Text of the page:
The flow charts of FIG. 8 and FIG. 10 show the architecture, functionality, and operation of a possible implementation of the software capable of carrying out the methodology set out therein. In this regard, each block represents a module, segment, or portion of code, which comprises one or more executable instructions for implementing the specified logical function(s). It should also be noted that in some alternative implementations, the functions noted in the blocks may occur out of the order noted in the flowcharts of FIG. 8 and FIG. 10. For example, two blocks shown in succession in the flowcharts may in fact be executed substantially concurrently or the blocks may sometimes be executed in the reverse order, depending upon the functionality involved.

While various embodiments of the invention have been described, it will be apparent to those of ordinary skill in the art that many more embodiments and implementations are possible that are within the scope of this invention.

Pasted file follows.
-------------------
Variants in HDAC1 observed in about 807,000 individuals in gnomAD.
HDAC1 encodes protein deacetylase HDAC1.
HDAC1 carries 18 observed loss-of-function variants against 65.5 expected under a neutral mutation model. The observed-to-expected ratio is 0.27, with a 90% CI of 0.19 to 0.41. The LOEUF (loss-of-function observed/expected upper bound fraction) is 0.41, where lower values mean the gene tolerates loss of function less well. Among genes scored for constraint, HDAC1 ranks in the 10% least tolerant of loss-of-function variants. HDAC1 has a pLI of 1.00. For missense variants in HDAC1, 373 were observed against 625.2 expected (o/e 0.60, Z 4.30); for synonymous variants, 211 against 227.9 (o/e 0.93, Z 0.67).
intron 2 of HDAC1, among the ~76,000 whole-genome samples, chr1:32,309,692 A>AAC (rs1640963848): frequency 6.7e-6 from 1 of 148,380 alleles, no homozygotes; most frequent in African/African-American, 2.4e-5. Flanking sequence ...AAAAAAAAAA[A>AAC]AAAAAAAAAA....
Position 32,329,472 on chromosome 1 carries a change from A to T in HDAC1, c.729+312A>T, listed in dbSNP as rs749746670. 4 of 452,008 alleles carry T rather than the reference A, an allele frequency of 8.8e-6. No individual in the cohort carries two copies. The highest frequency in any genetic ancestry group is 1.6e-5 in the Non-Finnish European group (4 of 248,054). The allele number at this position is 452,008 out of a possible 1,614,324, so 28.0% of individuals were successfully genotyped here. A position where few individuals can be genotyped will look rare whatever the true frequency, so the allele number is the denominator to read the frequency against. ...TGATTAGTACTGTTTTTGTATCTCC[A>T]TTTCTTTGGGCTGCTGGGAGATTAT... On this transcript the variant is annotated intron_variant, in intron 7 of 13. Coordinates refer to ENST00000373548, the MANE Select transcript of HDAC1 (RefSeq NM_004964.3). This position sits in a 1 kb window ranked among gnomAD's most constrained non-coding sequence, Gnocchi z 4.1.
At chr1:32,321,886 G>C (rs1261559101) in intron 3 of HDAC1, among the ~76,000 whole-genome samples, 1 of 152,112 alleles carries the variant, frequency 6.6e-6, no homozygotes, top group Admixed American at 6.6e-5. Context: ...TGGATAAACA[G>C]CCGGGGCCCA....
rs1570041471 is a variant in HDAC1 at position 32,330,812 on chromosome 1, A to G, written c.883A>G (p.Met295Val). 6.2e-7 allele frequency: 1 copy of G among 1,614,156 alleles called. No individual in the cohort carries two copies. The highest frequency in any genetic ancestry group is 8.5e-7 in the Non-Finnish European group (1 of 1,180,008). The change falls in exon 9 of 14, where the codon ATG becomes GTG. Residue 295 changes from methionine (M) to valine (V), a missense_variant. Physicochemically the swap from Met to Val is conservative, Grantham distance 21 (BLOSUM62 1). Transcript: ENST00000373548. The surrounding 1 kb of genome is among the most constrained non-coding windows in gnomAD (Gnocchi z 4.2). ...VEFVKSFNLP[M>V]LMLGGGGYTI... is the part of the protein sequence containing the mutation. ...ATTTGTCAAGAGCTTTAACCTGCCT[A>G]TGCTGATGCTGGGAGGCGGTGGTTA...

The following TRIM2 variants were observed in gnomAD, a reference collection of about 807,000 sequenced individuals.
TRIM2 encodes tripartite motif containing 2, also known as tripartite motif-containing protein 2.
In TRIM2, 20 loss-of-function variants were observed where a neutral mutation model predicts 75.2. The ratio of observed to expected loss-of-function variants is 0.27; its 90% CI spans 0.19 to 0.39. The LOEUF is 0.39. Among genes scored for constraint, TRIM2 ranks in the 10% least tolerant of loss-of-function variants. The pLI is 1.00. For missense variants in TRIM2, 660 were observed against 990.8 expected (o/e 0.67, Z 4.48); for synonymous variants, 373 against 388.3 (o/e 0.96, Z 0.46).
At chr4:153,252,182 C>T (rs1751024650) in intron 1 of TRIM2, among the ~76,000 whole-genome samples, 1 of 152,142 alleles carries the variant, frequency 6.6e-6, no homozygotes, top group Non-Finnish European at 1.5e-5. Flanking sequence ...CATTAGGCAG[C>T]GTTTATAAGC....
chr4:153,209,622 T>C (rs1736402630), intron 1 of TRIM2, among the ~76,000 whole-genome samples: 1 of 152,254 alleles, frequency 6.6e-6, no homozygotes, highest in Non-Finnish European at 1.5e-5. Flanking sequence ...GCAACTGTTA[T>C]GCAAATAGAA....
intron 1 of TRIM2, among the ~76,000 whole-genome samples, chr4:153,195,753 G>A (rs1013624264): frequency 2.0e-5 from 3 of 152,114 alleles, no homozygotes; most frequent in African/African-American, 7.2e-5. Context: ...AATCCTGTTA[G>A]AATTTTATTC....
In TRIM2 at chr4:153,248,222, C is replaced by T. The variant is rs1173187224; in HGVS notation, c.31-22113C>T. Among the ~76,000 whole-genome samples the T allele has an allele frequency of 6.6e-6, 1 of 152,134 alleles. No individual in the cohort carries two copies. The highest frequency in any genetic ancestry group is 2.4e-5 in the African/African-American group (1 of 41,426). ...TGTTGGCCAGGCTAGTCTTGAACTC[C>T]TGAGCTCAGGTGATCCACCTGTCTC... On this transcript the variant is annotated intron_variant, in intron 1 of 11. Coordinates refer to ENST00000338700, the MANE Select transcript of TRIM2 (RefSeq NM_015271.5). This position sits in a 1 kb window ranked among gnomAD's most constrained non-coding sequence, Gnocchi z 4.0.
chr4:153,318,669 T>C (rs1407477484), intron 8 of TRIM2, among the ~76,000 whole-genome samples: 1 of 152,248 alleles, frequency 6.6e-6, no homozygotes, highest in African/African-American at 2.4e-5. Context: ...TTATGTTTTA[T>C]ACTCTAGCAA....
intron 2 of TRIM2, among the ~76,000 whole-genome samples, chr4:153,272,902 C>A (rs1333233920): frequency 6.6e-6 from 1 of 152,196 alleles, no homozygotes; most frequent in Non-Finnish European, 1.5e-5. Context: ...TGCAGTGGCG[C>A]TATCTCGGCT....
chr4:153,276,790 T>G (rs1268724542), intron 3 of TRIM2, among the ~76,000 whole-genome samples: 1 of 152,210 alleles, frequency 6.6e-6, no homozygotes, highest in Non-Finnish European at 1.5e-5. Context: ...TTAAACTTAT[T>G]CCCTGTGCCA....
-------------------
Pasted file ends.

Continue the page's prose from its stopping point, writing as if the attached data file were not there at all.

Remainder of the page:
Patent Citations
Cited PatentFiling datePublication dateApplicantTitle
US5442322 *Sep 30, 1994Aug 15, 1995Alps Electric Co.Power amplifier bias control circuit and method
US6008698May 18, 1998Dec 28, 1999Omnipoint CorporationAmplifier with dynamically adaptable supply current
US6047168Jun 23, 1997Apr 4, 2000Telefonaktiebolaget Lm EricssonDevice and method for radio transmitters
US6081161May 18, 1998Jun 27, 2000Omnipoint CorporationAmplifier with dynamatically adaptable supply voltage
Non-Patent Citations
Reference
1G. Hanington, A. Metzger, P. Asbeck and H. Finlay, "Integrated DC-DC converter using GaAs HBT technology" Electronics Letters, Nov. 25th, 1999, vol. 35, No. 24.